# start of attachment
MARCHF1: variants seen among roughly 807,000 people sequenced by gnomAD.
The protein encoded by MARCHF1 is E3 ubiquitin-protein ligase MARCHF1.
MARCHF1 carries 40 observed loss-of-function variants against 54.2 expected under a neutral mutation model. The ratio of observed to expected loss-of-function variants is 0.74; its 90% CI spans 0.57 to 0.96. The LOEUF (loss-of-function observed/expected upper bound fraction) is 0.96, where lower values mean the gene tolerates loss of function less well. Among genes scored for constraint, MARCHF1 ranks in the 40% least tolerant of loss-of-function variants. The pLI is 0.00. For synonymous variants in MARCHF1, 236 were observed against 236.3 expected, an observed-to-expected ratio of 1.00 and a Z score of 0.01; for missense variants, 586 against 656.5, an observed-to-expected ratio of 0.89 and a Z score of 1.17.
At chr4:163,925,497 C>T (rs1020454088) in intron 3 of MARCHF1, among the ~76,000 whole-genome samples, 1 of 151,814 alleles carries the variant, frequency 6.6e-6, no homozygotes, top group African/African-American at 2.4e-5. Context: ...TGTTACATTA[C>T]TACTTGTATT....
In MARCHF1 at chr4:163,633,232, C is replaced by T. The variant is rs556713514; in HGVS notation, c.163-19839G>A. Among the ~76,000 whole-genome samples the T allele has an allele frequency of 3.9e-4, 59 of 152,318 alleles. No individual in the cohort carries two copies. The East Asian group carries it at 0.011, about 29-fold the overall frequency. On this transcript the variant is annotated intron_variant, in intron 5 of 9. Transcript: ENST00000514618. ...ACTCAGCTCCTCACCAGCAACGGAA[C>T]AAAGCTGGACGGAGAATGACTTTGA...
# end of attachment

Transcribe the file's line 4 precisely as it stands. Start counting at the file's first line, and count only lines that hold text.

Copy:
At chr4:163,925,497 C>T (rs1020454088) in intron 3 of MARCHF1, among the ~76,000 whole-genome samples, 1 of 151,814 alleles carries the variant, frequency 6.6e-6, no homozygotes, top group African/African-American at 2.4e-5. Context: ...TGTTACATTA[C>T]TACTTGTATT....